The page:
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  1. #1
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    Pleating challenge #2: difficult tartans to pleat to the stripe

    Hi folks

    I just ran across another pleating challenge that I thought would make an interesting post.

    I just finished a kilt for a client who really wanted it pleated to the stripe. The tartan is the US Special Forces (Green Beret) tartan, and the tartan design is another head banger. You'd think that the tartan designer would have realized that most guys would want it military pleated and would have designed it to pleat well to the stripe. But, nooooo.....Here's the tartan:



    So what are the problems with this tartan? The four choices for pleating to the stripe would be the yellow stripe, the blue stripe on the edge of the green block, the "no stripe" (green) option, or the central blue stripe flanked by white and red. Here are the problems:

    -Yellow stripe: the black-blue-yellow-blue-black is too narrow for one pleat, but the white stripes are just far enough apart that they are lost if there is any taper in the pleats (see last pic in this post).
    -Blue stripe (the one on the edge of the green block): not enough black to center the blue stripe (the prominent element should be centered in the pleat).
    -Green "no stripe": this kilt would _really_ have the dreaded lawn chair effect. In fact, I think we had a lawn chair that looked like that once.
    -Central blue stripe flanked by white and red: just barely wide enough to include most of the red; this is really the only option for pleating this kilt to the stripe, although it will look best if the pleats don't taper much.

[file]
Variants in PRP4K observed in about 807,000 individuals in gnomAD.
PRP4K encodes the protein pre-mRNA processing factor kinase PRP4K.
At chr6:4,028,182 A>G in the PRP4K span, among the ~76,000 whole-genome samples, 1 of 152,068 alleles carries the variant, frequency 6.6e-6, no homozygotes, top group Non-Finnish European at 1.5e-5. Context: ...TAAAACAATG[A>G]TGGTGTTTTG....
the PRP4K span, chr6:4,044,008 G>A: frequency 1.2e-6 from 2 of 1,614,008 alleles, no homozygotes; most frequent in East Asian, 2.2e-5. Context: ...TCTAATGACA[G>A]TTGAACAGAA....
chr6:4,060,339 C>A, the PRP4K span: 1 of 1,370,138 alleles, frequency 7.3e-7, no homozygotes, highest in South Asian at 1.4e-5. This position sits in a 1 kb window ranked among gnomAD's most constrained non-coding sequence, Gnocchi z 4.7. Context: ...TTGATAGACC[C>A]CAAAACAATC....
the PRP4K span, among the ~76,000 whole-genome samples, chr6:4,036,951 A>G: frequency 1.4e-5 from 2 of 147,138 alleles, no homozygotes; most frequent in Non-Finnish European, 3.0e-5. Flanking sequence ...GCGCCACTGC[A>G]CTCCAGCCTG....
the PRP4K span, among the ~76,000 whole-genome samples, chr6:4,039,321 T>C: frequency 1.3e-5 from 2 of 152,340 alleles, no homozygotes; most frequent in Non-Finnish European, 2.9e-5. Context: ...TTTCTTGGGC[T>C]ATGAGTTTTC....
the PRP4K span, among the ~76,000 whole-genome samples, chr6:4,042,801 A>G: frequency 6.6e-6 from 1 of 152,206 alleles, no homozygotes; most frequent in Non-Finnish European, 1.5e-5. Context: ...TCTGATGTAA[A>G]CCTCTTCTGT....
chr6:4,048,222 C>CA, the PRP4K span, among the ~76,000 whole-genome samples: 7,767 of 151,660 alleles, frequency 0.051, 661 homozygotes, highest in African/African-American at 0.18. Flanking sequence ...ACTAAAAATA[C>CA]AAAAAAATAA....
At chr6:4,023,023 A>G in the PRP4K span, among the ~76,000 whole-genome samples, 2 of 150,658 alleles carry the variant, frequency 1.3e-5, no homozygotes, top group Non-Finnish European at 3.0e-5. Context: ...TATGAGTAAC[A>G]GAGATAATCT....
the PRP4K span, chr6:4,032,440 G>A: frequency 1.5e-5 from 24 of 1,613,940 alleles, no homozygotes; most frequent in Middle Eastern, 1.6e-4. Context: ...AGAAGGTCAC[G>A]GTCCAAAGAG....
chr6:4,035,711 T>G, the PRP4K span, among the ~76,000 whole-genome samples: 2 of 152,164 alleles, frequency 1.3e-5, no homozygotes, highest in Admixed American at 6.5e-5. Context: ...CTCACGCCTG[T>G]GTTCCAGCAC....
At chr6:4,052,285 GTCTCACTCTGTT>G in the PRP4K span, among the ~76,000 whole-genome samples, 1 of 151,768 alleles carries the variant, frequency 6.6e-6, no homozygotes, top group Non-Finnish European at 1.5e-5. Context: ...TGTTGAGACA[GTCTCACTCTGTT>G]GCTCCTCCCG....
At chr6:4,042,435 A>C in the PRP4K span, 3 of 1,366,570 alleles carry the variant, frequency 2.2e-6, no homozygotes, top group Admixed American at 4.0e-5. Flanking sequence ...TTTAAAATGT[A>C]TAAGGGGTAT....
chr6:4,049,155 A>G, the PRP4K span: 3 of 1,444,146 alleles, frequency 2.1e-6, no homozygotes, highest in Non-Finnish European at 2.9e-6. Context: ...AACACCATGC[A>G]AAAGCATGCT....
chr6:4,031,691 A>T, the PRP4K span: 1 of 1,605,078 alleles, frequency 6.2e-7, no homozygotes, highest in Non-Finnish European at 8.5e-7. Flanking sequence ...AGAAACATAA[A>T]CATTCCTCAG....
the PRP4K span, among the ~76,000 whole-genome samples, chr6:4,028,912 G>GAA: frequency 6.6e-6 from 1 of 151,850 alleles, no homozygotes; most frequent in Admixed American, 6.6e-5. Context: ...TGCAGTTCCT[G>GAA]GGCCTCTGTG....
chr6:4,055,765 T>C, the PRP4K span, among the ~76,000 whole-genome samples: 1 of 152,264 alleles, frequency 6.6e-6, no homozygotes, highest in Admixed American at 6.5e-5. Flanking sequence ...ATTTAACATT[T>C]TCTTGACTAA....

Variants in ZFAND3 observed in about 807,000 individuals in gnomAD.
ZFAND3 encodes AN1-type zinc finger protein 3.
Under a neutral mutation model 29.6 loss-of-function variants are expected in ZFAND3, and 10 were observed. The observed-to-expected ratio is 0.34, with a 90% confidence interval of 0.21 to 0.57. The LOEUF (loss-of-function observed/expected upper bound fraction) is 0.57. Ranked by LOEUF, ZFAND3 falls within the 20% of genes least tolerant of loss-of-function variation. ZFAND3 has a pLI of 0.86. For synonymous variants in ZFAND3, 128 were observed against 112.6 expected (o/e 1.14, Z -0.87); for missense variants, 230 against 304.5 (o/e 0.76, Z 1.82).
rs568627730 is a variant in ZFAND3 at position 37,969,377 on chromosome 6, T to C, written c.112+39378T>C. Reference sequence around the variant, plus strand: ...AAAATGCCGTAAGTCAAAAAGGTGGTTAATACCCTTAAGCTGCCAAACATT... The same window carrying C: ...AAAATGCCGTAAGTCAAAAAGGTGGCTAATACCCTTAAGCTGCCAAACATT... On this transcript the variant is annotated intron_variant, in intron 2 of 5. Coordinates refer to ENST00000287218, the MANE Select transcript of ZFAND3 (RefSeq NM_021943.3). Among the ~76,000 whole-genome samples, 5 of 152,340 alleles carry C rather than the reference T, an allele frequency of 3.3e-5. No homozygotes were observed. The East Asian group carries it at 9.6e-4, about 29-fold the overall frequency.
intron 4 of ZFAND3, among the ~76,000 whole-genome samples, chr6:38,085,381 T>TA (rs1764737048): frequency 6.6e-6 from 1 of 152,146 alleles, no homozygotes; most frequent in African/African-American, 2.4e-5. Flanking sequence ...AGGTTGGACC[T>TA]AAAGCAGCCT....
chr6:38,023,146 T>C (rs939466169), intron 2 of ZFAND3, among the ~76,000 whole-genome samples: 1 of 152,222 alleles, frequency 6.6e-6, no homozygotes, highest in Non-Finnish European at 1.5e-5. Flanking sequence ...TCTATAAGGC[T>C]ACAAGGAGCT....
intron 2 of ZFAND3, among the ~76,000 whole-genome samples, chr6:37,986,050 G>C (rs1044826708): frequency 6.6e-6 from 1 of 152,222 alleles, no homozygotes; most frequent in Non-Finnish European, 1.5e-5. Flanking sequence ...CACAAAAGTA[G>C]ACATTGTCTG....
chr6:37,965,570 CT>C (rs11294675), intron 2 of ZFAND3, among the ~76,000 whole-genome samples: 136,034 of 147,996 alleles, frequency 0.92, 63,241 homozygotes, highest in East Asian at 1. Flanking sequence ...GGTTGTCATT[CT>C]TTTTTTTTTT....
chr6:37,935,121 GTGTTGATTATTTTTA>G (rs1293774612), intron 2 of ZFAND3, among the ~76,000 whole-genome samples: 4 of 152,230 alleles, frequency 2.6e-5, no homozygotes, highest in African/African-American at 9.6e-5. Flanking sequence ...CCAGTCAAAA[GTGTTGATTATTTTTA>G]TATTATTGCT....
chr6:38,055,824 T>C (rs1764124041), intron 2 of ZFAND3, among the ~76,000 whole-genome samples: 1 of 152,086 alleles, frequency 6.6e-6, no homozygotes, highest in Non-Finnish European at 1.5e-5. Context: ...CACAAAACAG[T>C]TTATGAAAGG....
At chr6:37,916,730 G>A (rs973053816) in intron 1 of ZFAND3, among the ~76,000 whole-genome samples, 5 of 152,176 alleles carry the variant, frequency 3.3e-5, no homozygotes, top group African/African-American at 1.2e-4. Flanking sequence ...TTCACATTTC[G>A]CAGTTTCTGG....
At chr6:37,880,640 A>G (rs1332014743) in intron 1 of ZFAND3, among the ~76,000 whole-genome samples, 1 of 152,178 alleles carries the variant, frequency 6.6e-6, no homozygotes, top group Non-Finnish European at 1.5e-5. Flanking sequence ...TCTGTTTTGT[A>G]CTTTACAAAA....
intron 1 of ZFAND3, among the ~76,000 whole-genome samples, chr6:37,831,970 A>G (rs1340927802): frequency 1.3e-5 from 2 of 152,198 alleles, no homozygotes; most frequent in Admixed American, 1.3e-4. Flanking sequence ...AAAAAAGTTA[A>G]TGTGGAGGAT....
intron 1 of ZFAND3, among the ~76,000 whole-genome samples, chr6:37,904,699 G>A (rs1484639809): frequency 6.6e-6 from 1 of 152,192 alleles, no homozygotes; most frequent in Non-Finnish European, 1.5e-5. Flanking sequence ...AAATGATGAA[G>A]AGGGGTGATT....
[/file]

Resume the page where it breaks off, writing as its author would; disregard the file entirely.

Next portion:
So, I chose the latter option, pics below. What's really interesting is that, from a distance, the prominent vertical element in the pleated kilt comes from adjacent pleat edges (where two red stripes meet and are flanked by white stripes), rather than from the element that's centered in each pleat. The blue stripe centered in the pleats almost vanishes.





    The real challenge in doing the pleating above is that you have to be absolutely meticulous at the edges of the pleats. In a normal pleating to the stripe, where there's lots of plain color next to the prominent central stripe, a little weebling at the edge of the pleat isn't noticeable. Where the prominent visual element lies between two pleats, however, there is no room for even a hair of wobble. So, this particular pleating is not for the faint of heart.

    The bottom line advice in this post:
    -Some tartans just don't pleat well to the stripe. It's always a good idea to try a test pleating _with the pleat taper_ to make sure that you like the look. This goes for pleating to the sett as well as pleating to the stripe. Below, I've posted a pic of a test pleating for option 2 described above, and you'll see how the white stripes vanish (which is not good). And also, stand back from your test pleating about 15-20' to see what it looks like at a distance. What looks obvious up close sometimes doesn't dominate at a distance!